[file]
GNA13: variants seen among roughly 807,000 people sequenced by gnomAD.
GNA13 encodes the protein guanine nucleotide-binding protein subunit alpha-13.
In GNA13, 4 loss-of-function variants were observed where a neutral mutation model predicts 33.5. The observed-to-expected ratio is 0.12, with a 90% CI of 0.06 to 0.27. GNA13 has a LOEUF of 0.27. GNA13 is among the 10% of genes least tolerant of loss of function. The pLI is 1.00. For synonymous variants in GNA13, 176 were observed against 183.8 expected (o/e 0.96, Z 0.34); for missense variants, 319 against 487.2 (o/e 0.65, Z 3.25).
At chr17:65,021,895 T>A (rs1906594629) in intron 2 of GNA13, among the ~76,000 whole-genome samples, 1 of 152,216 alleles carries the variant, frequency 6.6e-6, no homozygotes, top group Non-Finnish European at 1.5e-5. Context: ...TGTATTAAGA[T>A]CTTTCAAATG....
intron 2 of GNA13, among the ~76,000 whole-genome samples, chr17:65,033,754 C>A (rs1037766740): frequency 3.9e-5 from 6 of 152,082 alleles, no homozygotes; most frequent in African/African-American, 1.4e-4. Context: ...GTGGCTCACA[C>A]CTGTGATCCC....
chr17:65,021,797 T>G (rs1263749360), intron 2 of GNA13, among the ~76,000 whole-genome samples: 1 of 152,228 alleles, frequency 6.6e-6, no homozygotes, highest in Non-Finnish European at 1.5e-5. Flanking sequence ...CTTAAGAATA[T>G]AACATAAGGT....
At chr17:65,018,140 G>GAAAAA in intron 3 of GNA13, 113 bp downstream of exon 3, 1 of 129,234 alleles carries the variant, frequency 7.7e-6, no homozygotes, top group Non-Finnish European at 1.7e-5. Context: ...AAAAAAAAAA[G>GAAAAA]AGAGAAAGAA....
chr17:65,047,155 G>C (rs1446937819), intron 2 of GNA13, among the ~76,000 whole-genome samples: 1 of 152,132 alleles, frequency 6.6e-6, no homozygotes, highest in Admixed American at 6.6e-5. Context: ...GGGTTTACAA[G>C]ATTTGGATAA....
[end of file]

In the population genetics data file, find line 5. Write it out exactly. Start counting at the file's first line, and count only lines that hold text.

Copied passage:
intron 2 of GNA13, among the ~76,000 whole-genome samples, chr17:65,033,754 C>A (rs1037766740): frequency 3.9e-5 from 6 of 152,082 alleles, no homozygotes; most frequent in African/African-American, 1.4e-4. Context: ...GTGGCTCACA[C>A]CTGTGATCCC....